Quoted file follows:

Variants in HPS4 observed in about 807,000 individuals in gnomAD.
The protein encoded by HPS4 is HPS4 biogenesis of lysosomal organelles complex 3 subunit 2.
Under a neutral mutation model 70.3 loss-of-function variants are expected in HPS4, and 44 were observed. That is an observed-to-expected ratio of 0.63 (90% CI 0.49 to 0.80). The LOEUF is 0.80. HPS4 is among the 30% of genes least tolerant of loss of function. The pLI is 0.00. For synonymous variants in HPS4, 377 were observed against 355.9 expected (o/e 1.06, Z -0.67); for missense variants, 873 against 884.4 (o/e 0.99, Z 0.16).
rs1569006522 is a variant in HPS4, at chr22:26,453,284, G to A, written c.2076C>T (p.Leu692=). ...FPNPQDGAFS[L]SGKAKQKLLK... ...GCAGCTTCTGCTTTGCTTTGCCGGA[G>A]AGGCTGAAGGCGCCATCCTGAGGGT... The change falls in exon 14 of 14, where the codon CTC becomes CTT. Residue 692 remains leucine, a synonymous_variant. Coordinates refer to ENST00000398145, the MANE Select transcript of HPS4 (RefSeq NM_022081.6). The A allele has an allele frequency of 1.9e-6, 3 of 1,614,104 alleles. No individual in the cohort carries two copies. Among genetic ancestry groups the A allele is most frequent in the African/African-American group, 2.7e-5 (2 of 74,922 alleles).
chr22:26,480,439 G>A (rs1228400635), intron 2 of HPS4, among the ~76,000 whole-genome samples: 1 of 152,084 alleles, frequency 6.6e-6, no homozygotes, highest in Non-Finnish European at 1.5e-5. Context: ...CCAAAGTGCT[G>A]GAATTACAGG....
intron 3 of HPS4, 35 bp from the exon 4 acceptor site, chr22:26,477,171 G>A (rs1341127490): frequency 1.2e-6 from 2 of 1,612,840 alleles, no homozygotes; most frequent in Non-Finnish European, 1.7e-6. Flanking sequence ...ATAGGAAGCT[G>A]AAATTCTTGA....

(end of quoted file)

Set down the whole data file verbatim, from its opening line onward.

Variants in HPS4 observed in about 807,000 individuals in gnomAD.
The protein encoded by HPS4 is HPS4 biogenesis of lysosomal organelles complex 3 subunit 2.
Under a neutral mutation model 70.3 loss-of-function variants are expected in HPS4, and 44 were observed. That is an observed-to-expected ratio of 0.63 (90% CI 0.49 to 0.80). The LOEUF is 0.80. HPS4 is among the 30% of genes least tolerant of loss of function. The pLI is 0.00. For synonymous variants in HPS4, 377 were observed against 355.9 expected (o/e 1.06, Z -0.67); for missense variants, 873 against 884.4 (o/e 0.99, Z 0.16).
rs1569006522 is a variant in HPS4, at chr22:26,453,284, G to A, written c.2076C>T (p.Leu692=). ...FPNPQDGAFS[L]SGKAKQKLLK... ...GCAGCTTCTGCTTTGCTTTGCCGGA[G>A]AGGCTGAAGGCGCCATCCTGAGGGT... The change falls in exon 14 of 14, where the codon CTC becomes CTT. Residue 692 remains leucine, a synonymous_variant. Coordinates refer to ENST00000398145, the MANE Select transcript of HPS4 (RefSeq NM_022081.6). The A allele has an allele frequency of 1.9e-6, 3 of 1,614,104 alleles. No individual in the cohort carries two copies. Among genetic ancestry groups the A allele is most frequent in the African/African-American group, 2.7e-5 (2 of 74,922 alleles).
chr22:26,480,439 G>A (rs1228400635), intron 2 of HPS4, among the ~76,000 whole-genome samples: 1 of 152,084 alleles, frequency 6.6e-6, no homozygotes, highest in Non-Finnish European at 1.5e-5. Context: ...CCAAAGTGCT[G>A]GAATTACAGG....
intron 3 of HPS4, 35 bp from the exon 4 acceptor site, chr22:26,477,171 G>A (rs1341127490): frequency 1.2e-6 from 2 of 1,612,840 alleles, no homozygotes; most frequent in Non-Finnish European, 1.7e-6. Flanking sequence ...ATAGGAAGCT[G>A]AAATTCTTGA....